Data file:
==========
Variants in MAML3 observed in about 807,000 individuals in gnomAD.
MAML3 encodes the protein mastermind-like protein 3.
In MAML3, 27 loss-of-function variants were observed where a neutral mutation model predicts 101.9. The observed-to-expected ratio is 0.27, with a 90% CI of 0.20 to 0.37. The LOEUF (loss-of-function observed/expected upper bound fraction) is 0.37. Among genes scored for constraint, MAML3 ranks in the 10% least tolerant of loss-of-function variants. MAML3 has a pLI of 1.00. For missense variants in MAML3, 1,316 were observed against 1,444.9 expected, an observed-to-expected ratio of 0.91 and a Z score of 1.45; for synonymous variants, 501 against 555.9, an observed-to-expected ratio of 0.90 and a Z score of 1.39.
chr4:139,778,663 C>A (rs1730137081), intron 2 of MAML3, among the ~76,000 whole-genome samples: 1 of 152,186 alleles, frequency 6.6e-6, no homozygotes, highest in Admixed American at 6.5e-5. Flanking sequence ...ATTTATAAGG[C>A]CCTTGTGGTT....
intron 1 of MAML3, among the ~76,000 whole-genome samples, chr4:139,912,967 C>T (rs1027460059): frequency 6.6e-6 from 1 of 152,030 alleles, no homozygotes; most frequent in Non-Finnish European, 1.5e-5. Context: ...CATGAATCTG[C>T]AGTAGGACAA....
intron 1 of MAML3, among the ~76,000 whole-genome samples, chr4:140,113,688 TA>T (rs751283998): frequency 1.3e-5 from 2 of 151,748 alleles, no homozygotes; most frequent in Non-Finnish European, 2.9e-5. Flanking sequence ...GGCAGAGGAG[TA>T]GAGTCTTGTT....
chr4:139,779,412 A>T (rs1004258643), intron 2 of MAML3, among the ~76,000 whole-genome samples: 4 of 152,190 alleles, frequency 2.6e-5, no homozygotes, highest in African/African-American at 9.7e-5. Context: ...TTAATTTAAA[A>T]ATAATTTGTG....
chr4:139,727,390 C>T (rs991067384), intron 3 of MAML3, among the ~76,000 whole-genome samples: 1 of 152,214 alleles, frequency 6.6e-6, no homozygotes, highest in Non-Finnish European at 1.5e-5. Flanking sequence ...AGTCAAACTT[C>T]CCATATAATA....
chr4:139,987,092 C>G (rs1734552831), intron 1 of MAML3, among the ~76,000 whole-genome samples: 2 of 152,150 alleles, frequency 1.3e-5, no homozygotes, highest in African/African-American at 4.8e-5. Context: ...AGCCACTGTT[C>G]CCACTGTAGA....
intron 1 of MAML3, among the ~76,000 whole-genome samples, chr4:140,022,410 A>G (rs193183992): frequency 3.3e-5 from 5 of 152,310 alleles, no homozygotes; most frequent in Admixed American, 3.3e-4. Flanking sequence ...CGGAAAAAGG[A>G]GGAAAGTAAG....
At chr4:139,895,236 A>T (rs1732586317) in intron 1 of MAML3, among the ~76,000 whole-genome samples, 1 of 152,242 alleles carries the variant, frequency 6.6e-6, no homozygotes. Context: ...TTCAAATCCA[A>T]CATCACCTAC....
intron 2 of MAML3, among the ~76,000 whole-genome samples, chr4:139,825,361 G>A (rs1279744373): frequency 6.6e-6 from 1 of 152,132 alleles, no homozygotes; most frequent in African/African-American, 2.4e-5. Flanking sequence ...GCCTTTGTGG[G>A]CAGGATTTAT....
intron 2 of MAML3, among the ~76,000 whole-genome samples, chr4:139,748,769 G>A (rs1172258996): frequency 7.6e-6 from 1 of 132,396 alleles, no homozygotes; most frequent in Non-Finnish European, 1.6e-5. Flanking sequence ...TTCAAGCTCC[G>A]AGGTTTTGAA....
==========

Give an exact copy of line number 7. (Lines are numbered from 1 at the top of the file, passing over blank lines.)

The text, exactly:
chr4:139,779,412 A>T (rs1004258643), intron 2 of MAML3, among the ~76,000 whole-genome samples: 4 of 152,190 alleles, frequency 2.6e-5, no homozygotes, highest in African/African-American at 9.7e-5. Context: ...TTAATTTAAA[A>T]ATAATTTGTG....